Cisco Boosts the Core With CRS-3

Cisco Systems Inc. (Nasdaq: CSCO) is upgrading its core router, boosting the CRS-1 to what it claims is 12 times the capacity of the nearest competitor, the company announced today during a widely publicized Webcast. (See Cisco Intros the CRS-3.)

The CRS-3, as the new router is named, can deliver 322 Tbit/s, Cisco officials said in today's announcement. That's probably in a multichassis implementation; the CRS-1 can reach a claimed 92 Tbit/s, but only if 72 of them are linked together.

That stonking level of capacity is the crux of what has been touted (by Cisco) as a world-shaking event. In Apple Inc. (Nasdaq: AAPL)-like lingo, the router giant has been proclaiming for weeks that today's announcement would "forever change the Internet." (See Rumor: Cisco to Reveal Access & Core Plans.)

The move reasserts Cisco's router bragging rights. The company had fallen behind in certain core router metrics during the past year or so, as the CRS-1 handles only 40-Gbit/s interfaces; Alcatel-Lucent (NYSE: ALU) and Juniper Networks Inc. (NYSE: JNPR) have already announced plans for 100-Gbit/s (or more) interfaces. (See Rumor: Cisco Prepping CRS-1 Successor, AlcaLu Readies 100GigE Cards , and Juniper Claims 100-Gig First.)

But it's about more than just bandwidth. Cisco has staked its future on video, claiming that the network has to be designed differently. One key driver will be the way data centers connect to one another, which, in turn, will determine "how the content gets moved closer and closer to the devices," said Suraj Shetty, Cisco's vice president of service provider marketing, during the Webcast. "IP core becomes one of the fundamental foundation elements of building the next-generation Internet."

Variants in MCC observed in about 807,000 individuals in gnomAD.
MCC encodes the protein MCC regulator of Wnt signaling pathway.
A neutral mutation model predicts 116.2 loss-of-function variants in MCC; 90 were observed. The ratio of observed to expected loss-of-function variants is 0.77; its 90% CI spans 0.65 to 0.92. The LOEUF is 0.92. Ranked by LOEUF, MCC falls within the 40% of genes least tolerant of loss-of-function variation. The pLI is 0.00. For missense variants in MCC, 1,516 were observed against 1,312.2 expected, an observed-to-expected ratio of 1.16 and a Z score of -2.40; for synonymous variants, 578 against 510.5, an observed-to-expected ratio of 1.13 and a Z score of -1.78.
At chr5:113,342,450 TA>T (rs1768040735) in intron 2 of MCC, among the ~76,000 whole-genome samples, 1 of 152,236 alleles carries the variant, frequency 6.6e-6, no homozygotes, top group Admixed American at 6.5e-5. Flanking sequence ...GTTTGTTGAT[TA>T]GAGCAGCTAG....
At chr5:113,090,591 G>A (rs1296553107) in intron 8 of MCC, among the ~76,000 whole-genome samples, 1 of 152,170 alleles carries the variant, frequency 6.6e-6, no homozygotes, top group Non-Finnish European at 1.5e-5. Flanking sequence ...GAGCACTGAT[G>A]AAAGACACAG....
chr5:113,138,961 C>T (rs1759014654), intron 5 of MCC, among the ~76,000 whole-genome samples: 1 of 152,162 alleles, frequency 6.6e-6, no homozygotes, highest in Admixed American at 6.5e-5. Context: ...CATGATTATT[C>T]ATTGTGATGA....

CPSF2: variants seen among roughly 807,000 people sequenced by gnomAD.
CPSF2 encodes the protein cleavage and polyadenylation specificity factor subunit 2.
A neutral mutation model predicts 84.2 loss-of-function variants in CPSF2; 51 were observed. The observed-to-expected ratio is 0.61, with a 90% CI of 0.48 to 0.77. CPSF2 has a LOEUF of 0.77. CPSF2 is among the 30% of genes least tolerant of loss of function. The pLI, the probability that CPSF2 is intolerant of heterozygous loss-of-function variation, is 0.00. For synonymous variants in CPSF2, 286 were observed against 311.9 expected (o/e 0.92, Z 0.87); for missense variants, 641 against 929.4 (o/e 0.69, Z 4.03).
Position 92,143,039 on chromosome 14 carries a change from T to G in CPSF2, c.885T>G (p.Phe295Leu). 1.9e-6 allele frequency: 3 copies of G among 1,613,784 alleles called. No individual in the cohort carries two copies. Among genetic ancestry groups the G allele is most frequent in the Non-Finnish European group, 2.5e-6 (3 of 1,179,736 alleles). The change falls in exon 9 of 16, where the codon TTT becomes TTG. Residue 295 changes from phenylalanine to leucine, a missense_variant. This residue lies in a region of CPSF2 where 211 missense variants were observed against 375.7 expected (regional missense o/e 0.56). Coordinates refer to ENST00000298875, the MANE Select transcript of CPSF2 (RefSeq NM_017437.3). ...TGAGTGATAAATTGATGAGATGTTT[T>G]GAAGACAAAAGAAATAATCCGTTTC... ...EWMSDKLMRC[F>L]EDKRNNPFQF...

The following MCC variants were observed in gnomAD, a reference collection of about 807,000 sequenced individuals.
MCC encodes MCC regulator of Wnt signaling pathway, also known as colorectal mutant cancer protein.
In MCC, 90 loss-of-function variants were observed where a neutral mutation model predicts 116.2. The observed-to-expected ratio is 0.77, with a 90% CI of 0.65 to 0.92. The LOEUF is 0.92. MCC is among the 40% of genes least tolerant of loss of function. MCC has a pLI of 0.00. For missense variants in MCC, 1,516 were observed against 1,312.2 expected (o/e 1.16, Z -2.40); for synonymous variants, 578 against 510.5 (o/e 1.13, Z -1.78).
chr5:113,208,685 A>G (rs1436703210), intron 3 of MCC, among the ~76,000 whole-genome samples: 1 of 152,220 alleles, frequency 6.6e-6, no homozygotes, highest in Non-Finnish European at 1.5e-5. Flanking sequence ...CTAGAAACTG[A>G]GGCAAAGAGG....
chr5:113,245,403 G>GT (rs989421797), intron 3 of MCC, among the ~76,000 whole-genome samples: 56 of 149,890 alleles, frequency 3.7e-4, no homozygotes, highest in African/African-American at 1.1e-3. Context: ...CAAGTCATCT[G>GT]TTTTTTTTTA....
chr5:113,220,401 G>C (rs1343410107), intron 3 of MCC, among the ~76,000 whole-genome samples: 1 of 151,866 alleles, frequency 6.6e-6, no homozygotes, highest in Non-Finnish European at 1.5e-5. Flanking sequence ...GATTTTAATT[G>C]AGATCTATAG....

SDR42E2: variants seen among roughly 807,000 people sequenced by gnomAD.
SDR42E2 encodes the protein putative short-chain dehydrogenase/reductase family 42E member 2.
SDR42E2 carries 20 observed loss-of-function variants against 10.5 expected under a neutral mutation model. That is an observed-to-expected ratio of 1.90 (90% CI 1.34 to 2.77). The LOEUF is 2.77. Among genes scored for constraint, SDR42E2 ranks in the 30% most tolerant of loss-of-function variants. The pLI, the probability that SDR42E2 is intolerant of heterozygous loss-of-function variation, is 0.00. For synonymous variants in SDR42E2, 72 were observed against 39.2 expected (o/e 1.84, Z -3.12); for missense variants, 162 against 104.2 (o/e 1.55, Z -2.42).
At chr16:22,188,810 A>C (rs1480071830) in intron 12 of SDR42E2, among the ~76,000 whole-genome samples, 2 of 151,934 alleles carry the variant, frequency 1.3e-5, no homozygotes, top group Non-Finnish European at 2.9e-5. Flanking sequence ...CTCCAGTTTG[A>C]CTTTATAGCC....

To that end, Cisco is introducing the Network Positioning System for tapping virtualized resources. Cisco cited the example of a workplace at the end of a quarter: When network activity suddenly swells, the NPS will seek out the computing and storage resources that are needed, regardless of location, and will provision its own virtual private network (VPN) to reach those resources.

In that way, Cisco sees the CRS-3 working closely in conjunction with the Universal Computing System, Cisco's all-in-one data center package. (See Cisco Dreams of Data Center Unity.)

Cisco officials say the CRS-1 can be upgraded, in-chassis, to become a CRS-3, echoing the way Juniper can upgrade its T640 core router to a T1600. Officials also stress that today's announcement doesn't mean the CRS-1 is being discontinued.

As for changing the Internet, Cisco claims it's got many more announcements to come, connecting all parts of the network down to even consumer devices. The Starent acquisition, which gives Cisco a foothold in the mobile core network, will end up relating to today's announcements as well. (See Cisco to Buy Starent for $2.9B.)

The CRS-3 is in customer trials. In fact, AT&T Inc. (NYSE: T) says it used the router in the live-network 100-Gbit/s test announced yesterday. (See Opnext Makes Its 100G Move.) Cisco expects to make it generally available in the September quarter.

— Craig Matsumoto, West Coast Editor, Light Reading

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